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Iran Election: Glued to the News for Two Weeks

Iranian financial wiz and Cass student Ahmad Pouyanfar talks Mousavi, corruption and queuing at the London Islamic Centre

By  Lulu Wang

Sat Jun 13 2009

Ahmad Pouyanfar is one busy Iranian. Over the past two weeks he’s juggled being managing director of a metals trading company while studying for an MSc in mathematical trading at Cass Business School with obsessively watching every report on his country’s presidential election that he can lay his hands on.

Pouyanfar traveled to England for the first time in 2007, for business. Before coming to Cass he was CEO, co-chairman and co-founder of an investment company in Tehran, while teaching finance, investment management and econometrics at Tehran University.

He’s been traveling back and forth since relocating to London. In 2008, he went back to Iran to finish his doctorate in finance at Tehran University, which he started in 2002.
Pouyanfar, 37, spoke to BusinessBecause while driving from his day job as managing director of Standard Metals Limited (UK), to a class at Cass. Here's what he thinks of the election and the business environment in Iran.
Why did you decide to do a Masters degree in finance at Cass if you already have a PhD in it?
I think finance education is different in developing countries compared to developed countries. I want to upgrade my knowledge in finance and use it in the future both in my own country and elsewhere.
How was the election for you?
For the past two weeks I haven’t done any of my projects. I’ve been following the news online and on TV.
Who did you vote for?
I voted for Mir-Hossein Mousavi at the Islamic Centre in London. There was a queue of voters. I asked them who they were voting for, and 95% of them were voting for Mousavi. I also talked to my family and friends in Iran. My parents and friends, surprisingly, all said that they’d vote for Mousavi for sure.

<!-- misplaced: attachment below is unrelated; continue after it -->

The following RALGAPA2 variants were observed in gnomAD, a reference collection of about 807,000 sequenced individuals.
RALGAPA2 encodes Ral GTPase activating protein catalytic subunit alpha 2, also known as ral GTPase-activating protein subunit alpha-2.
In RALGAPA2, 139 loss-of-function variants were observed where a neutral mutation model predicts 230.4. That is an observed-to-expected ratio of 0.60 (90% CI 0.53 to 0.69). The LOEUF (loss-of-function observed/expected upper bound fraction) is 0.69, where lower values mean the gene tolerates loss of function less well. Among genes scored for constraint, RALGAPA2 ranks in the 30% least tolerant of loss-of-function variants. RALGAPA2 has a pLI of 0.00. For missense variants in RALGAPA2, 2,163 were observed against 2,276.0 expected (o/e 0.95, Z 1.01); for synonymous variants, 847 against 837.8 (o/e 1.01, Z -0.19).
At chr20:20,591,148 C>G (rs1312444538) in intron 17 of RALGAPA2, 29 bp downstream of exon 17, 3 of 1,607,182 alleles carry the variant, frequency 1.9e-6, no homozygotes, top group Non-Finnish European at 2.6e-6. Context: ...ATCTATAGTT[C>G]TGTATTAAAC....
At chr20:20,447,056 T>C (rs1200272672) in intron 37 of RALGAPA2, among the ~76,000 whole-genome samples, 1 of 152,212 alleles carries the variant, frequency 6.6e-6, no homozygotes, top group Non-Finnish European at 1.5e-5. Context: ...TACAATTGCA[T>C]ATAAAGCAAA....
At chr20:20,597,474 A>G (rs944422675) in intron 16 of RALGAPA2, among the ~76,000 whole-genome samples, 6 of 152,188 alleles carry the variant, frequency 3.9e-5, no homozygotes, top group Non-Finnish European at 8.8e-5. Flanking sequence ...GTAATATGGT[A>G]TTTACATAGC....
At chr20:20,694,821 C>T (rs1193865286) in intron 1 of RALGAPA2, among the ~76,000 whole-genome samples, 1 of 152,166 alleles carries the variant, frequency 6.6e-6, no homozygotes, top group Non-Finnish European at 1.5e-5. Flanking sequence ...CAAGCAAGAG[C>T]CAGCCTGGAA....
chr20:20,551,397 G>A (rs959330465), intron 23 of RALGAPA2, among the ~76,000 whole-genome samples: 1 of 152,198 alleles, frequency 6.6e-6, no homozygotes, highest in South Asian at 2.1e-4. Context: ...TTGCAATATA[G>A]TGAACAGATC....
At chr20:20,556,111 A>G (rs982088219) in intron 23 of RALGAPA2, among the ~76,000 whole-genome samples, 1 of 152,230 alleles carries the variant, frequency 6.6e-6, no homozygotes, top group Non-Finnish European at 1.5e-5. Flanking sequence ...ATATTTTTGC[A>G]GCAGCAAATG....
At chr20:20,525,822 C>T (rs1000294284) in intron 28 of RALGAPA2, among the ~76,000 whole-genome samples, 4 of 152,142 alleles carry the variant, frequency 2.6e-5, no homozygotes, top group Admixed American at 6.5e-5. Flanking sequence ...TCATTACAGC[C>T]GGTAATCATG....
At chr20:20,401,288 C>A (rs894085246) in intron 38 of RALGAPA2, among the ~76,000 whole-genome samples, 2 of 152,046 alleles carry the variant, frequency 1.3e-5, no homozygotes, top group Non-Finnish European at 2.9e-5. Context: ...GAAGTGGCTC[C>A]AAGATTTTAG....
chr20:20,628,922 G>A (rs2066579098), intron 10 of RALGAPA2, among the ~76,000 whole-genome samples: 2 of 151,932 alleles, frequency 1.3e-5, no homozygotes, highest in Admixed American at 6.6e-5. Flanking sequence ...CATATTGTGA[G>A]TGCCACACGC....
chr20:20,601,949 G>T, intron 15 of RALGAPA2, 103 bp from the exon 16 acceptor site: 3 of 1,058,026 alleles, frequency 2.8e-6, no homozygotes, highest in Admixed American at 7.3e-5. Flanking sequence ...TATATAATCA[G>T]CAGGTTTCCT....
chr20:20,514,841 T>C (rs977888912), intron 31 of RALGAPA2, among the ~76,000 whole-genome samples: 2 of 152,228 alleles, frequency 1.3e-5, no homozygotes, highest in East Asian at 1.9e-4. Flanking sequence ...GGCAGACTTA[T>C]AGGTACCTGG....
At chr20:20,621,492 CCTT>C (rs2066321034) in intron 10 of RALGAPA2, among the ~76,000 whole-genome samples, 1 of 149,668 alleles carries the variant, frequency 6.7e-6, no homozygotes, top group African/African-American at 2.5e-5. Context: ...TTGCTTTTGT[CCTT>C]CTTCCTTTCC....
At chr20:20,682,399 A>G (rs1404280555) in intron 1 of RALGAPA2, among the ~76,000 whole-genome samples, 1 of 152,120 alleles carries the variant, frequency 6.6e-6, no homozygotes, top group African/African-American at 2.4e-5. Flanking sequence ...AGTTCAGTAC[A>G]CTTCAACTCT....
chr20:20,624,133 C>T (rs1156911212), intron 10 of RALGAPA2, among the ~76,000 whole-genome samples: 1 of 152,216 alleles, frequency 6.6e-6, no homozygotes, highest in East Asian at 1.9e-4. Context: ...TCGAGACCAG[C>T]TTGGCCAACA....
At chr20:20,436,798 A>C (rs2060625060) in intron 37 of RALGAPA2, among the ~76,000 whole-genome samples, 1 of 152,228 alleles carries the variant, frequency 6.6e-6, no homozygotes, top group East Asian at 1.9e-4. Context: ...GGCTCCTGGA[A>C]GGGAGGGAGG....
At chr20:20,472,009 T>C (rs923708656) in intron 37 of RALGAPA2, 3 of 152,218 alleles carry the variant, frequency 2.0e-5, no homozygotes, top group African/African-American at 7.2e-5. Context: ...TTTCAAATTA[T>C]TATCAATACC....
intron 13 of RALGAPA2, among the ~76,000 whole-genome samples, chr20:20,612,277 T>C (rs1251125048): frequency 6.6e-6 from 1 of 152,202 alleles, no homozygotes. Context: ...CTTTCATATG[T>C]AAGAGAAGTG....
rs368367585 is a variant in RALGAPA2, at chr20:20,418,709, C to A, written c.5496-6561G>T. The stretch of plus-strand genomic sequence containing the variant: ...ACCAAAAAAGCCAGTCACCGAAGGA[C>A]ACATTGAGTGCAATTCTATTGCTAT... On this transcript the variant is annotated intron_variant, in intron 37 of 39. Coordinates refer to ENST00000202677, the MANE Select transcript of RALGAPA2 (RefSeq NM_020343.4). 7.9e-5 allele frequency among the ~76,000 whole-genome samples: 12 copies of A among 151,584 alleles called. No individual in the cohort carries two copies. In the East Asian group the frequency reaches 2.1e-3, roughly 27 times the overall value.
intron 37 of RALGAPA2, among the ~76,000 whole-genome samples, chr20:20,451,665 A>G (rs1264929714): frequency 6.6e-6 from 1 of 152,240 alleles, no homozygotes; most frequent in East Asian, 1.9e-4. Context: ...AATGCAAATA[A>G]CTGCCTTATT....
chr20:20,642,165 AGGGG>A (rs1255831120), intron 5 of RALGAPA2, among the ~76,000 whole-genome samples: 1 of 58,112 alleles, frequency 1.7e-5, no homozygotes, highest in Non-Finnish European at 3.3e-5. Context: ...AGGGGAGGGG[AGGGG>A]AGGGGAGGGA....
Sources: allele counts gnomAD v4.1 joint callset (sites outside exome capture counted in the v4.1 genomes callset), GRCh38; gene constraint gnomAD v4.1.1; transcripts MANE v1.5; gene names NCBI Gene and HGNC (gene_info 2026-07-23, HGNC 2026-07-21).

Of the four candidates (Ahmadinejad, conservative Mohsen Rezaee, Mousavi, and reformist Mehdi Karroubi) I think Mousavi will bring in pro-market policies that reflect demand and supply, and these policies will hopefully lead to a better business environment in Iran.
So what do you think of Ahmadinejad's victory? 
I thought Mousavi had the highest chance of winning. But some institutions, such as the Army of the Guardians of the Islamic Revolution (that Ahmadinejad was a member of), will fabricate the results. They did it in 2005.
It’s difficult to practice democracy in a developing country like Iran. There was a lot of progress in democratization from 1997 to 2005, under President Khatami.
How's the Iranian business environment?
[Long sigh followed by hopeless laughter] During the last two years, Iran has had high inflation and bad government decision-making. We expected Mousavi to open up the business environment and have peaceful business development.
Are there any Iranian businessmen or companies that you admire?
[Sigh followed by laughter] I can see nothing at all.
When you were doing business in Iran, what were the major difficulties you encountered?
Our major problem is that our government ignores the law.
Do you have some examples?
The government forces some members of parliament into negotiations and affects their decisions. The Revolutionary Army intervenes in economic transactions.
More than 80% of the enterprises in Iran are under government control.
What about your company in Iran?
It was indirectly controlled by Bank of Saderat, which is government-owned.
Do you want to go back to Iran?
Yes, I will in the near future. I had opportunities to go back already.